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Short Take: “The Unremembered Girl,” Eliza Maxwell

Pros: Raw, beautiful, vivid
Cons: Depressing & painful
Rating: 5 out of 5

Eliza Maxwell’s The Unremembered Girl sees a poor rural family take in a mysterious ‘stray’ who knows herself simply as ‘Girl’. She’s given the name Eve, and she and Henry develop an obsessive bond. She’s indelibly broken, however, and no matter what Henry does to help her, things just go further and further downhill. To further confound things, strange noises can be heard coming from a shack in the swamp that should be deserted. Henry isn’t sure what’s going on, but it can’t be good–and he can’t shake the feeling that it has something to do with Eve.

A warning: this book is incredibly painful and depressing, with a feeling of doom that pervades much of the narrative. Make sure you’re up to reading it. That said, it’s also fiercely beautiful. The visuals are vivid and intense, and the characters come to life on the page. There’s plenty of danger woven in, especially as things get intense toward the end. You’ll find interesting plot twists and surprising consequences. It’s dark enough that I’m not sure I’m happy I read it exactly, but it is an incredibly well-written book.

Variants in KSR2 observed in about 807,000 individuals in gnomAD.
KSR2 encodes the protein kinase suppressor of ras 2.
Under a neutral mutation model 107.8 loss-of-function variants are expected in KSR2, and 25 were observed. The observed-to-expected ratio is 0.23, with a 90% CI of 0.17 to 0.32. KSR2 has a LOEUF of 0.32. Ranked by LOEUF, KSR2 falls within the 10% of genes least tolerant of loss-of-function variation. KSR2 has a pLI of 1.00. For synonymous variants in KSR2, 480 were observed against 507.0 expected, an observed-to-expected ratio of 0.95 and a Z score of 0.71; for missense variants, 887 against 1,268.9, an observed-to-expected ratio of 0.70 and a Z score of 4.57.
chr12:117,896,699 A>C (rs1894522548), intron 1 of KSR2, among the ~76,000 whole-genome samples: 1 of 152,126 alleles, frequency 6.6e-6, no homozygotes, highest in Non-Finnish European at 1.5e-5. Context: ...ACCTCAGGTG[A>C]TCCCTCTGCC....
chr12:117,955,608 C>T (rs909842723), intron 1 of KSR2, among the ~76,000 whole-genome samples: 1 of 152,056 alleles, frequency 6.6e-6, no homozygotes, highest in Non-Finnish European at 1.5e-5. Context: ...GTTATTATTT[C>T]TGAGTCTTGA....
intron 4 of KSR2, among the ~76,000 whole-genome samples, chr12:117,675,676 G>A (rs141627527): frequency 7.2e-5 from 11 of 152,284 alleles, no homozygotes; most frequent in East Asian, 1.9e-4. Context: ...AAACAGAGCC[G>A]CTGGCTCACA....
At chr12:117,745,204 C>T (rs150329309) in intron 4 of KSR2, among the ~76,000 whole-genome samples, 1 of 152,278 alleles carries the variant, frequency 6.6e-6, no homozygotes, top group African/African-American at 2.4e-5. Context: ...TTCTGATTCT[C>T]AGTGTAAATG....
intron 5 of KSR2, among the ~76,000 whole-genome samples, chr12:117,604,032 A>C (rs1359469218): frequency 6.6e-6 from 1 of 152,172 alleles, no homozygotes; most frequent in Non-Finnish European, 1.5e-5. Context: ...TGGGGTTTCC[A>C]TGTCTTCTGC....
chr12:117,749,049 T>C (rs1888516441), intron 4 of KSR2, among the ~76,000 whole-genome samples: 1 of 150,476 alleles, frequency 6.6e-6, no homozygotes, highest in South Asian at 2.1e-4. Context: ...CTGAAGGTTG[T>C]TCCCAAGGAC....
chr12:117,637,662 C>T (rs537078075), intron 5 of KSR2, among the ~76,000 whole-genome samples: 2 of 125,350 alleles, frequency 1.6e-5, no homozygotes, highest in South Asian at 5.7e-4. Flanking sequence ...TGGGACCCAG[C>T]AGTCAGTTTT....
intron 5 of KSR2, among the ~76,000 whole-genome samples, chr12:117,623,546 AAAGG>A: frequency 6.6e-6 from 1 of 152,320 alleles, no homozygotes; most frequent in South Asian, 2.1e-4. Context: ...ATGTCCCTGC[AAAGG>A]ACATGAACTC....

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Review: “The Scattered and the Dead Box Set,” L.T. Vargus

Pros: Moves beyond the post-apocalyptic basics
Cons: A bit, well, scattered
Rating: 4 out of 5

The Scattered and the Dead Series: The First Four Books, by L.T. Vargus, gives us a plague-stricken world thrown into the dark ages by a nuclear response to the fast-moving biological threat. The population has been vastly depleted, and even years afterward civilization is in tatters. The narrative follows a variety of characters across a spectrum of time periods before and after the nuclear strike. It’s a bit confusing to go back and forth like that all over the place, but I think ultimately it works.

Sometimes there’s a bit of sameness to the character voices; several of the characters are unusually aware of their own physicality and physical actions/reactions. It’s a bit weird. The characters have some nice depth, though, and sometimes surprise the reader. Current post-apocalyptic fiction still often focuses so intensely on the basics–survivalism, largely–that it’s nice to find a book that develops the depth of plot and character necessary in fiction in general. Most sub-genres follow this pattern, starting out as sketches and basics and then gradually developing into fully-fledged fiction with all of the necessary elements for a good story. Unlike some of the recent books I’ve read, Vargus’s The Scattered and the Dead makes that transition.